Whilst Chris Algar’s conclusions in the ‘Picture Gallery’ regarding the date of the change in instrument types are well substantiated, his juxtaposition of the two photographs is somewhat unfortunate. The Norwich Citadel photograph (page 66) is correctly referred to as their Concertina Band, but the second photograph (page 67) requires further comment. The caption to the photograph is correct, stating that the subjects are the Sergeants at the International Training College in 1931. However, the text inadvertently refers to them as ‘the Sergeants’ International Training College Band of 1931’. The photograph was taken on the entrance steps to The Salvation Army International Training College,17 opened just two years earlier, as a memorial to their founder, William Booth, for the purpose of training its officers, that is, its Ministers. The Sergeants were the ‘elite’, chosen from the Cadets of the previous session to act as junior staff over the next incoming group of Cadets. Typical of the photographs of that period—these were frequently taken by Robert M. Barr Photographers of Denmark Hill, who seemed to have the contract for several decades—it shows the male Sergeants assembled prior to their evangelical campaign, which usually lasted around ten days. It is very doubtful that the brass instruments would have combined with the concertinas to form a single musical ensemble. Rather, the brass would have been used to present instrumental solos or duets during the various meetings that the Sergeants would have held.
We may even doubt whether all nine of the concertinas ever played as a single group. There are two reasons for asserting this. First, it was not unusual, on occasions such as these, for the sergeants to present a somewhat inspirational picture that typified their evangelical zeal. Yes, they certainly possessed concertinas. Yes, they are likely to have had concertina lessons as part of their optional curriculum. But whether they could all yet play to a sufficient standard to form a coherent group is quite another matter.
A 1950s snapshot in my possession upholds this assumption. It shows nine Cadets with three concertinas, two accordions, a guitar, banjo, and flute; the flute, however, was the only instrument ever seen out on Campaign. Other records from the 1930s confirm this. A formal photograph of twelve Cadets actually on Campaign at Bletchley in 1931 shows two concertinas, which would have been used to accompany singing, to attract a crowd, and even to ‘drown out’ unwanted disturbances (see Figure 2). Another photo from that year shows a Brigade of eighteen at the Training College with but one concertina and a guitar, whilst a group photo from 1932 shows ten Cadets, but only the Officer with a concertina in hand.
Fig. 2. Party of Officer Cadets on evangelical campaign in Bletchley,
Buckinghamshire, 1931. The author’s mother is seated front left
(photo in author’s collection).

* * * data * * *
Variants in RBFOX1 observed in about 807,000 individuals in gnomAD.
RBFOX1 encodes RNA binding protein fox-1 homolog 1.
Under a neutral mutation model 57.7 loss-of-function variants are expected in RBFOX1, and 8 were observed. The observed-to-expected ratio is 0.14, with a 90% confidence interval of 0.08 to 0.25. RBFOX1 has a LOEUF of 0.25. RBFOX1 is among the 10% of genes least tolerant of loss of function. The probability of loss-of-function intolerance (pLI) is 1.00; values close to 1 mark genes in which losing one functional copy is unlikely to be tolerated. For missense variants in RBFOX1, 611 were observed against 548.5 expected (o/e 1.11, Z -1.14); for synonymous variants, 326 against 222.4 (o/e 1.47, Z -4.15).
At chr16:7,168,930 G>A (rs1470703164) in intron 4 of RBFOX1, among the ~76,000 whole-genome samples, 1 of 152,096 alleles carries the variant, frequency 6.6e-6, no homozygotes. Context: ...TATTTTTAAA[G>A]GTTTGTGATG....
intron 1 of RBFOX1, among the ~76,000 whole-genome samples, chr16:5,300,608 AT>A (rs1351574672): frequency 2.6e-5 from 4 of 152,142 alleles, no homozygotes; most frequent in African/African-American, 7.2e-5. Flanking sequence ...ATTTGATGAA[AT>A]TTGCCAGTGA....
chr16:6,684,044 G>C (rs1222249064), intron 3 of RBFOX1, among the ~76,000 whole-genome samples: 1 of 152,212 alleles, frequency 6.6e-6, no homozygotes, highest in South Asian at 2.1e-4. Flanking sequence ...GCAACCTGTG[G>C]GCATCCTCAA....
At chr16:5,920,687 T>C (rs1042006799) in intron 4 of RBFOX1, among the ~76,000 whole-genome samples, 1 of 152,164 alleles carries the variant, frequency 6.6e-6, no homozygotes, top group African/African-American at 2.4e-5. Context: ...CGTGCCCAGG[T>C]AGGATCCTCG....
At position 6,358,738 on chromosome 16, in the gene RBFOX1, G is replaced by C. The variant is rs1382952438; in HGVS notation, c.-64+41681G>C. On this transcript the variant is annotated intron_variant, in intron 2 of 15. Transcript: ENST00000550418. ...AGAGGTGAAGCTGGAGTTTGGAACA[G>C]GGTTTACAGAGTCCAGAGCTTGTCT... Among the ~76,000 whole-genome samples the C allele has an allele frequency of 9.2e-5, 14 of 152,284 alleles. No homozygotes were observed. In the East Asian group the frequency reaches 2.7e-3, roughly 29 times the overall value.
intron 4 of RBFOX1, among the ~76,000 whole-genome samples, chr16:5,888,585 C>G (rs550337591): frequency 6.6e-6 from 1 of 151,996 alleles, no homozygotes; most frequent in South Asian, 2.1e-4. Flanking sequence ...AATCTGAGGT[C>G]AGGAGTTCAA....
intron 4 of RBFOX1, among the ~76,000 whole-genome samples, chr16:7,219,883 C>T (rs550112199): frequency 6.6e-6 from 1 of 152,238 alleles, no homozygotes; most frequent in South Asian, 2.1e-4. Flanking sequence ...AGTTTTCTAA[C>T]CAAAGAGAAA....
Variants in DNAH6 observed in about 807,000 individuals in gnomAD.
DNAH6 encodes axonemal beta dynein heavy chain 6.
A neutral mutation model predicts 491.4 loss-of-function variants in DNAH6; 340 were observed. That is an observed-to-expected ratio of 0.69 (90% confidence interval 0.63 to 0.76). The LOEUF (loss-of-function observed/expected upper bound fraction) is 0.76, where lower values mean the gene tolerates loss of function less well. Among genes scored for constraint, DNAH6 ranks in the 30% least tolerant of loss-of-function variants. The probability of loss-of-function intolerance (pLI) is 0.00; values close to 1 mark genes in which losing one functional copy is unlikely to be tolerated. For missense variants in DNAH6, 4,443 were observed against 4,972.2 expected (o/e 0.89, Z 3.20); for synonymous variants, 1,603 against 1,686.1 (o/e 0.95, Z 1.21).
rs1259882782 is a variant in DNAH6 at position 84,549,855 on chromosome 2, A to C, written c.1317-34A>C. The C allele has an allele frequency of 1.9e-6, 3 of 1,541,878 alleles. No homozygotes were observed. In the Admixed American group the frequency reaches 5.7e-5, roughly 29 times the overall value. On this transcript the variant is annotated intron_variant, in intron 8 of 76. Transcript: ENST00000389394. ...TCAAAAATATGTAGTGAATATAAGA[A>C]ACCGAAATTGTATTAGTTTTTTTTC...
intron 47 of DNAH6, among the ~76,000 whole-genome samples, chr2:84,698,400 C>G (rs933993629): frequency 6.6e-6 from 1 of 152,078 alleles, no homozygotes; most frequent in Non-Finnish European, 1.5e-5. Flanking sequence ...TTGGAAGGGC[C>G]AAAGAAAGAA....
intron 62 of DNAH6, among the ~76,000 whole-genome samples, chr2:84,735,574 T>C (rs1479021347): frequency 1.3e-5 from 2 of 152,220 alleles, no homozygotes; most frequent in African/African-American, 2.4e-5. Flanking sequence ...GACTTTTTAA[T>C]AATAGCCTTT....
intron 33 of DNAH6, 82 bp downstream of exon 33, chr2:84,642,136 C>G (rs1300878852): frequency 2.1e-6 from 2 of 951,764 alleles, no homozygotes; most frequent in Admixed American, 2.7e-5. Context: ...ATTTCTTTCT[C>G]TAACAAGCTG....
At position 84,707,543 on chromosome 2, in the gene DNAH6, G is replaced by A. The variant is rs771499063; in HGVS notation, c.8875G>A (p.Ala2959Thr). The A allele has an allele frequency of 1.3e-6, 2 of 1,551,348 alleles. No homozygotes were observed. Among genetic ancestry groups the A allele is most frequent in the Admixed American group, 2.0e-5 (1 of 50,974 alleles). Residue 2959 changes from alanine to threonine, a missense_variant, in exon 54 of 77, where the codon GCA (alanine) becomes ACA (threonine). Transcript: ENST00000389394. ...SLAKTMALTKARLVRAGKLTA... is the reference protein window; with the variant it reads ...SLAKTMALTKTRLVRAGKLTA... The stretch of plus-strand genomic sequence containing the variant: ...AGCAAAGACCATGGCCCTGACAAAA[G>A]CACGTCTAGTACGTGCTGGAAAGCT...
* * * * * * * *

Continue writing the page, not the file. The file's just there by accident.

(Click to enlarge)
When comparing these photographs with the group of Sergeants in the ‘Picture Gallery’, then, it is necessary to bear in mind that the Sergeants were selected for their all-round proficiency, so that we might expect to see a higher proportion of concertina players amongst their number, but not necessarily to the extent suggested by their photograph.
2. Butterworth’s patent is available online at www.concertina.com/craneduet/Butterworth-Patent.pdf. For a brief discussion, see Phil Inglis, ‘The History of the Duet Concertina’, Pt.3, Concertina Magazine (1985), 11-12, who notes that although the Crabb family claims to have invented the system in the 1880s, they neither patented nor made any such instruments at that time; Inglis’s article is available online at www.concertina.com/docs/Inglis-History-of-the-Duet-Concertina.pdf.
3. See, for example, William Strang’s 1889 painting of a Salvation Army march (through typical London East End, Docklands surroundings) headed by concertina and tambourine; and E. Borough Johnson’s 1891 engraving of a Salvation Army prayer meeting, the leaders of which have a concertina and violin. Painting and engraving are reproduced in Cyril Barnes, God’s Army (Oxford: Lion Publishing, 1978), 27 and 31, respectively.
4. The advertisement appeared in The Musical Salvationist, 18/Pt. 12 (June 1904), outside rear cover; published for the The Salvation Army Page 32, Pica 3 2006 Publishing Department by W.L. Simpson, London. On the various editions of the tutor, see Randall C. Merris, ‘Instruction Manuals for the English, Anglo, and Duet Concertina: An Annotated Bibliography’, The Free-Reed Journal, 4 (2000), 98, 105; also online at www.concertina.com/merris.
6. Brigadier Archie Burgess was an accomplished player, and often provided a concertina solo item on the programmes of the Army’s International Staff Band. Though rare, his recordings on the Regal Zonophone label are still to be found in some private collections.
9. Arthur Bristow, The Salvation Army Tutor for the Triumph Concertina, new and rev. ed. S.A., 102 (London: Salvation Army Publishing and Supplies, 1935), and The Salvation Army Tutor for the English Concertina, new and rev. ed., S.A. 103 (London, Salvation Army Publishing and Supplies, 1935). On the tutors, see Merris, ‘Instruction Manuals’, 98, 117.
11. Kurt Braun notes that Harry Crabb’s Crane system was designed so that the left- hand side extended to F (below the bass clef) and had a key to sound the low C (two octaves below middle c’); see www.scraggy.net/tina.
13. Neil Wayne ‘Wheatstone’s 12-sided Duet: A Report on its Origin, Condition and Provenance’, online at www.free-reed.co.uk; for a far more detailed discussion of this instrument, see Neil Wayne, Margaret Birley, and Robert Gaskins, ‘A Wheatstone Twelve-Sided “Edeophone” Concertina with Pre-MacCann Chromatic Duet Fingering’, The Free-Reed Journal, 3 (1999), 3-16; also online at www.concertina. com/wheatstone-edeophone.
16. The photo is online at www.harbour.demon.co.uk/tina.faq.